weighs 255) suggest that he’s a man to be reckoned with, that if you don’t know him, you should.
“He’s bigger than life,” said Gary Whitaker, publisher of Springfield-based 417 magazine, who met Parry soon after he founded Inside Columbia.
“He’s got a big personality, he’s got big ideas — I mean, it’s just, everything about Fred’s big.”
Friends find his bluntness can turn them off. He likes to crack crude jokes to make people feel comfortable, but he ends up causing them to roll their eyes at his sophomoric humor.
His wife, Melody, says he needs an editor — someone to temper the man who likes to hear himself talk.
Yet, Parry said he has always been sensitive to people’s perceptions of him. “It’s not easy being controversial,” he said.
At an Inside Columbia party earlier this month, he appeared quite sure of himself, but for years, he said, he sorely lacked confidence.
He can be dismissive in an argument, but he has a soft spot for a troubled soul or a lost cause.
“It doesn’t take much to get me crying,” he said.
Rose cited Parry’s extensive history of working for charity and his continuous support for the Central Missouri Food Bank.
Norm Ruebling, a co-founder of the airport shuttle company MO-X, said he called Parry on air right after the company launched.
“He said some of the most inspiring and supportive things about MO-X unsolicited. ... ‘If you have a wedding reception or whatever, give MO-X a call.’
“We couldn’t afford to advertise with them. That particular show pulls a lot of weight. You can’t pay for that kind of advertising.”
Before Parry became a big name in Columbia, he had an even bigger dream.
“I was gonna be the world’s greatest reporter-writer, the next Mike Royko,” he said in an interview last month in his office at the slick new Inside Columbia digs at the corner of McBaine and Broadway.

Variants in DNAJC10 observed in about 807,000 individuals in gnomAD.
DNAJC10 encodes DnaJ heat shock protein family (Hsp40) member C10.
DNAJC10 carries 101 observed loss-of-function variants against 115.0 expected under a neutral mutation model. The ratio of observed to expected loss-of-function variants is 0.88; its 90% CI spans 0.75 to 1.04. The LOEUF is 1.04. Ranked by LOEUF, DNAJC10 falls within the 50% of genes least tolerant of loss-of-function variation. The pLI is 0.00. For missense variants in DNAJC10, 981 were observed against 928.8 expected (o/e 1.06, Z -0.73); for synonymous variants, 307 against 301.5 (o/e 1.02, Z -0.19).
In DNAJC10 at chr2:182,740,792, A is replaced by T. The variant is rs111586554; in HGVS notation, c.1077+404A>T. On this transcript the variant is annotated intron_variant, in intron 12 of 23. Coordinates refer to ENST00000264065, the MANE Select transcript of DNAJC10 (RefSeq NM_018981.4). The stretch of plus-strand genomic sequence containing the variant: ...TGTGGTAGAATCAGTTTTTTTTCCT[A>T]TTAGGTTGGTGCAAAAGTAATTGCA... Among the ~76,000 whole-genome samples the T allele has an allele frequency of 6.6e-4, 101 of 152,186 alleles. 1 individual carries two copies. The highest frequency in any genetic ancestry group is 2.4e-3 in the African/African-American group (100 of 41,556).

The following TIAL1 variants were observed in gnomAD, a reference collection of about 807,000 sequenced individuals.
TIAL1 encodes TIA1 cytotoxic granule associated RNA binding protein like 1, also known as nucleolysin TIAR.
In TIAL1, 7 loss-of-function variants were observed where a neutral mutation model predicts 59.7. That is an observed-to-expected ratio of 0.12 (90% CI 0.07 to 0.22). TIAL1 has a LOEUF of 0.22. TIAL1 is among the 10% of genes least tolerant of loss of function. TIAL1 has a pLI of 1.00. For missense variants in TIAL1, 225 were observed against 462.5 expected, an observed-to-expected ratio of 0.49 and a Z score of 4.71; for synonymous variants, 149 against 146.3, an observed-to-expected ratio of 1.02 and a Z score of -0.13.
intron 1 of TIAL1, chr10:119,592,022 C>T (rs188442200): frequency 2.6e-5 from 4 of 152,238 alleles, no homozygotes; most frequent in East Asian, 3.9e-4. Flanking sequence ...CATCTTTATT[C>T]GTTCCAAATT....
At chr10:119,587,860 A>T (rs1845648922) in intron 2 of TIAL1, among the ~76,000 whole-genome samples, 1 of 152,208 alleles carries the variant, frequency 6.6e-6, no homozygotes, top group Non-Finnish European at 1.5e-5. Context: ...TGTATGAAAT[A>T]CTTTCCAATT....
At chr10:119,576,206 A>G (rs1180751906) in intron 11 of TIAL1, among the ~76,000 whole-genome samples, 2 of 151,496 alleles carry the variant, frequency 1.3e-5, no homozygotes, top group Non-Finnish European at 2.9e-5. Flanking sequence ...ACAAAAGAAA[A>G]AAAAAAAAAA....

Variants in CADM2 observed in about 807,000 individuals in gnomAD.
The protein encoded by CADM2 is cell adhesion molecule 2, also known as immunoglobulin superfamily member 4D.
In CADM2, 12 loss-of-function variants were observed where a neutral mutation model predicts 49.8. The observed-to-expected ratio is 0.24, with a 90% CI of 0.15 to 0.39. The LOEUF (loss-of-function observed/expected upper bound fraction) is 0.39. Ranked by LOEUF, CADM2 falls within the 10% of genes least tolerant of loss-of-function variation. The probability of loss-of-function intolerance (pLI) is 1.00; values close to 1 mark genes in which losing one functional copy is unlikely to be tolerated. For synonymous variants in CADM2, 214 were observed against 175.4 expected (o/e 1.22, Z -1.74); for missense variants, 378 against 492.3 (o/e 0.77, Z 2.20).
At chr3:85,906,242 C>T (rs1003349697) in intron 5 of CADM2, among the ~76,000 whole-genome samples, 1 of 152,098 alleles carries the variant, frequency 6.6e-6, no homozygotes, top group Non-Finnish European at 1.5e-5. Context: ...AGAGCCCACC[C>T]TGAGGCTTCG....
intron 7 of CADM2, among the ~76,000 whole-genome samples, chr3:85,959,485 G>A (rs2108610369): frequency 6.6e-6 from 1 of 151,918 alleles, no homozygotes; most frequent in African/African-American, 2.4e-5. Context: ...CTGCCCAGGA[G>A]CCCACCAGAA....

After starting school as a pre-journalism major at MU, he enlisted as a reporter for the Maneater. Shortly afterward, he ran out of money.
His editor advised him to sell ads for the paper, and he fell in love with ad sales.
He was voted in as business manager. On his watch, the number of ad salespeople jumped from six to 30, he said. In the spring of 1985, he was named National College Newspaper Business Manager of the Year.
All the while, he’d been seeking to gain entry into the journalism school. He applied three times. But his grades kept him out. “In my first three years,” he said, “I was consistently below a 2.0.”
Each time, he appealed the rejection to George Kennedy, then associate dean and previously a city editor of the Missourian, which competed fiercely with the Maneater. Kennedy denied each appeal.
After one of them, Kennedy recalls, Parry said, “As a token of appreciation, I’m gonna make you a presentation of one of these highly sought-after Maneater T-shirts.”
It was a black shirt with gold letters that read “eat or be eaten.”
Parry characterized it as an institutional jab. “I was really putting salt in the wound so that I could tell the story 30 years later,” he said.
Never accepted into the J-School, he moved on. In 1986, he graduated, with a bachelor’s degree in general studies.
Parry landed a job at Vance Publishing, a trade publisher in Chicago. Not two years later, he said he received a call from Ed Heins,* the general manager of the Missourian, who asked Parry to return to Columbia as advertising director “and do for the Missourian what you did for the Maneater.”
“Why in the hell would I want to move from Chicago to Columbia, Missouri?” Parry asked.
“You would also have a faculty position,” Hines told him.
Parry confessed that he’d never gotten a degree in journalism.
“I know,” Hines said. “That’s why I want you.”
Thinking back on the idea, Parry laughed. “I wasn’t smart enough to be a student at the world’s foremost school of journalism, but I was smart enough to teach there,” he said.
Bob Humphreys remembers Parry. Humphreys was the Missourian’s general manager when Parry worked there, and they collaborated daily.
“He’s good,” Humphreys said. “There’s no way around that. He’s a hell of a salesman. … He made everybody feel like they were important and part of the process. Lots of salespeople don’t do that. They don’t know how to do that.”
Meanwhile, Parry fell in love with Columbia. As a teacher, he was building up a solid record, too. Thirty of his students were hired by Gannett publications after they graduated, he said.
In 1991, he said he got a call from Gannett saying they were interested in him, too. He was named advertising director of a group of newspapers the corporation had acquired that year.
He went from supervising a newspaper with a circulation of 6,000 to a group of newspapers with a combined circulation of 571,000 — 15 dailies and weeklies.
The 2 1/2 years he spent with Gannett burned him out, he said.
He wanted to start his own newspaper. So he enrolled in Robert Morris